Naturally this announcement made some people nervous, especially in the service teams, where there was limited knowledge of Agile/Scrum, especially in some teams where the level of technical skills was low. People had a good functional (banking) understanding of their application (which you could argue should have been on the business side), and they had a good network to get problems solved. But they did not have in-depth knowledge of the platform it ran on, what the architecture was, what database it ran on, what communication protocols were used to communicate with other applications etc.. People asked to be part of one of the pilot teams that were set up to get some experience; other people tried to set up their own pilot teams. Internal Agile/Scrum training days were very popular, as were the introductory presentations on Continuous Delivery. When there was a seminar on DevOps in Amsterdam about 50% of the participants that day were from ING, including me, my team manager, her manager and a host of other colleagues.
Getting back to the office after that seminar I thought about my search for knowledge and that of my colleagues. I decided that what we needed was a community on our internal social network that had just started, where we could talk about the transition and share documents and blog posts from all over the internet. So together with two colleagues I opened our community and started posting links to interesting blogs, copying white papers and sharing relevant presentations from Meetups and DevOpsDays. The community has been running for over 2 years now and without any real communication about it we now have one of the largest active communities with close to 500 members from not just DB/CIO but all of the other departments in the Netherlands and most of the IT departments in other countries.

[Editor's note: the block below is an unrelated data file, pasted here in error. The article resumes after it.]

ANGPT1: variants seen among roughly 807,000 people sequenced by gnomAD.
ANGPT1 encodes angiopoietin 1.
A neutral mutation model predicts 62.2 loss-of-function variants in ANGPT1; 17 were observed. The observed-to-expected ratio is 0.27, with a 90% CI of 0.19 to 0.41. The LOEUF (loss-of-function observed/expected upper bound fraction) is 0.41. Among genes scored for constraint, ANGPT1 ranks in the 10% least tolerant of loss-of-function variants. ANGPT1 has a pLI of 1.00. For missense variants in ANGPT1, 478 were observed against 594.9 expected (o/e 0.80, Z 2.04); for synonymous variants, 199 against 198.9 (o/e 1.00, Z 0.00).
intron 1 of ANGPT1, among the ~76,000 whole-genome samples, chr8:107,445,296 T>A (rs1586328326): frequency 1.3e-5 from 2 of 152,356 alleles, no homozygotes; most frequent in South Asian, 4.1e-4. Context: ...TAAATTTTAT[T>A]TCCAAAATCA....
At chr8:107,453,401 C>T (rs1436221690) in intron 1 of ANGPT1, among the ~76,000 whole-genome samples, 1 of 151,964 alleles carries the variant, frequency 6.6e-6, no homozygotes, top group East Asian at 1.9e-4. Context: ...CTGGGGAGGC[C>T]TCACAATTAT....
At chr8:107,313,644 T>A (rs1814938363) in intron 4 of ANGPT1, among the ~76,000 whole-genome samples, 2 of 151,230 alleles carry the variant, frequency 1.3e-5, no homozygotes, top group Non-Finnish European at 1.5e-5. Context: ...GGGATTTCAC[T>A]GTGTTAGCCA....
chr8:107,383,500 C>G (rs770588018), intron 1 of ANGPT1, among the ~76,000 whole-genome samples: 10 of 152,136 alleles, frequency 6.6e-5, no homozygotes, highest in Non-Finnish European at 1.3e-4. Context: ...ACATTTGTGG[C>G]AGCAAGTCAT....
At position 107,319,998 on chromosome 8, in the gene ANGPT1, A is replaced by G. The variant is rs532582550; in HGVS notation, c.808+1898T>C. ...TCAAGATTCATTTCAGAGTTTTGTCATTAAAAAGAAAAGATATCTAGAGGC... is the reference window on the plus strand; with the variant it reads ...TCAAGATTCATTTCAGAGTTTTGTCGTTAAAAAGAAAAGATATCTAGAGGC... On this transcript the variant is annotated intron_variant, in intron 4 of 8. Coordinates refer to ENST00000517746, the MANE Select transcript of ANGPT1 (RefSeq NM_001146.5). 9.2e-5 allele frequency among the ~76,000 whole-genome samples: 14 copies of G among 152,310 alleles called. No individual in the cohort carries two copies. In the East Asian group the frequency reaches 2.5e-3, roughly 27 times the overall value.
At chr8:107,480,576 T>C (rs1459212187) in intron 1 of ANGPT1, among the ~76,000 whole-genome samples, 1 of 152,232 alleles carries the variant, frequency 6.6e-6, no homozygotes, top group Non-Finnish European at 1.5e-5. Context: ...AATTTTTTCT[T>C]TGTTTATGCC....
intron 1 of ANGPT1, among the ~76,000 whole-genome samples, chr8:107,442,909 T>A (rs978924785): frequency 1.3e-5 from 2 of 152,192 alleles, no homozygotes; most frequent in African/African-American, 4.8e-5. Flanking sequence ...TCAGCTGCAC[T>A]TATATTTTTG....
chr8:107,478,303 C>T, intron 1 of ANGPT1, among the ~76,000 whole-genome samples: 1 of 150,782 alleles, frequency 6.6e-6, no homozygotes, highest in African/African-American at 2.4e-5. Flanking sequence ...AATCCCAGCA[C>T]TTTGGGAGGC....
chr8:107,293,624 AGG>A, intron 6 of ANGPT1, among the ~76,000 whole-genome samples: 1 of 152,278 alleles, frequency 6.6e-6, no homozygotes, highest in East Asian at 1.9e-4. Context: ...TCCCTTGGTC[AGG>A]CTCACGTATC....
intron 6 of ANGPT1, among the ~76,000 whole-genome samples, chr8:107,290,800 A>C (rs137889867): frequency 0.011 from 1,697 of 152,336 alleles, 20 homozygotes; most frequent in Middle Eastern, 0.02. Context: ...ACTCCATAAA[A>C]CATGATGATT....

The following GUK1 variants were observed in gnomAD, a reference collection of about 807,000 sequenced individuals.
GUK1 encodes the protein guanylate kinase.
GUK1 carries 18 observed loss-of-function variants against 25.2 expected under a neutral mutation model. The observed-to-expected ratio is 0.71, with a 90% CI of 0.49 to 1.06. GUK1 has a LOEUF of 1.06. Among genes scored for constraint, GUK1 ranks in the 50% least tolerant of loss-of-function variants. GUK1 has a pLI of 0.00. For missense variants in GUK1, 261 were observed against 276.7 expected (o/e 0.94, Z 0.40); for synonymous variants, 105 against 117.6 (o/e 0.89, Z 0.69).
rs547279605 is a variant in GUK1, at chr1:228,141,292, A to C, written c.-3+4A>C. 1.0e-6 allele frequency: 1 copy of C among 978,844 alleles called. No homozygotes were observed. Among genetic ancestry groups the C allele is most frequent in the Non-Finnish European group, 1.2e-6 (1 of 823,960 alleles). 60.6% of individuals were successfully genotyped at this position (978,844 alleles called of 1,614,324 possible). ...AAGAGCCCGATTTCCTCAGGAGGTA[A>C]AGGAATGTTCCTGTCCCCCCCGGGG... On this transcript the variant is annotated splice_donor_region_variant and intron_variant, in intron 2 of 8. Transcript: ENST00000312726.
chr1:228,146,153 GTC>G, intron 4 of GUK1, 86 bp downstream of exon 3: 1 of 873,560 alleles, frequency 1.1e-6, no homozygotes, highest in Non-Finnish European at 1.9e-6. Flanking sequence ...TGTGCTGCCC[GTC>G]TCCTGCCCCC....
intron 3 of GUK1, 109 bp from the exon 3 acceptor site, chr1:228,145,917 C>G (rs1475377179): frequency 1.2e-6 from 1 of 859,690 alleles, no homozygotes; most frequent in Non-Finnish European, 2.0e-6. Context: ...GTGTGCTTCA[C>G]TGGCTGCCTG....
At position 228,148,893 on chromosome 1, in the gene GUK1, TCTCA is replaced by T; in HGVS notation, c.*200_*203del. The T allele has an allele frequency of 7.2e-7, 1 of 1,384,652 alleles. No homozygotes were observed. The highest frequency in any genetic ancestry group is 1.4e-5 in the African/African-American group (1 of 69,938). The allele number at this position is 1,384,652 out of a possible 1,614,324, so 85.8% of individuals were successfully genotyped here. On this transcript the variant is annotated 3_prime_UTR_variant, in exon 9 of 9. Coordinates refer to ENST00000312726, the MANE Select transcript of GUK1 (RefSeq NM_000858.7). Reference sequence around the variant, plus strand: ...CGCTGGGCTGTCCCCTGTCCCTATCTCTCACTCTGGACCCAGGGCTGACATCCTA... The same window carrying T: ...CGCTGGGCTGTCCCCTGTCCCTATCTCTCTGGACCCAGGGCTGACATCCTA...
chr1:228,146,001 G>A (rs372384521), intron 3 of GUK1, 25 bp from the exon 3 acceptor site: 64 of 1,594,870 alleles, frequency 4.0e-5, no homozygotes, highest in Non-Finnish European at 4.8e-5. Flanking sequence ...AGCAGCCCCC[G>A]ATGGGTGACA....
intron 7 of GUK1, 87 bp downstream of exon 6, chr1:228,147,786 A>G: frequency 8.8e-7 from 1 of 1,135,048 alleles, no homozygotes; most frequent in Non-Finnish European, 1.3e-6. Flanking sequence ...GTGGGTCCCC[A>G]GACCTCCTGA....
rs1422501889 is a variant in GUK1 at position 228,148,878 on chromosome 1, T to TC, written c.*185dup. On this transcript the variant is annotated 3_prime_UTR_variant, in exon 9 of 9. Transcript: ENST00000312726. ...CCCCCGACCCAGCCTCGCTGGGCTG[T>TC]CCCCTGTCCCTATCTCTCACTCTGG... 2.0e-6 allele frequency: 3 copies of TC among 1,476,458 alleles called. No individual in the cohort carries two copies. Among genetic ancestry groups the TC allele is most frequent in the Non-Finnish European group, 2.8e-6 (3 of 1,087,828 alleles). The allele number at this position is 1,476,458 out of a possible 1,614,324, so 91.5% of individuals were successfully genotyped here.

One of the people we met on that seminar was Kris Buytaert, a DevOps and Open Source evangelist from the earliest hour. We really liked his down-to-earth approach to DevOps, which stood out from the other presentations which were mostly by sales people. When we explained to him what we were planning to do and asked for his help as a consultant he thought we were joking, especially since the department that we wanted him to get started on was heavily into Mainframe. DevOps in a bank, on Mainframe and starting with 150 teams? We certainly picked a challenge! Still we insisted that he should come over to talk to some of our management and finally we convinced him that our motives were genuine and we really could do with some help. His help was perhaps subtle. He talked a lot to middle management, convincing them that it could be done. And helped a few talented engineers to set up some sort of rudimentary Continuous Delivery Pipeline, which could be presented in a DevOps training to their colleagues, creating momentum for the transition in the Mortgages department.
Joining the DevOps community
Through Kris we also discovered DevOpsDays. A couple of colleagues went with Kris to DevOpsDays Paris and came back overflowing with ideas. The first one was organising an internal DevOpsDay in June 2013. It had the same set up as the normal DevOpsDays, but all in one day, with some external speakers (which included some big names of DevOps who were in town for the DevOpsDays Amsterdam), some internal and in the afternoon Open Spaces.
The Open Spaces with great open discussions were a revelation to a lot of people. We liked it so much that after a couple of months we organised another one, but now with demos of tools instead of talks; a few months later we ran a ‘DevOpsDiscovery’ with small workshops where people could actually ‘feel’ some of the tools and get answers to some of their questions from colleagues who were already using them. In 2014 we had our third DevOpsDay, combined with the Amsterdam DevOpsDays, where I did a talk on our transition. Through the DevOpsDays organisers I and a few of my colleagues also became regular visitors of the DevOps Meetup group in Amsterdam, more recently contributors and sponsors.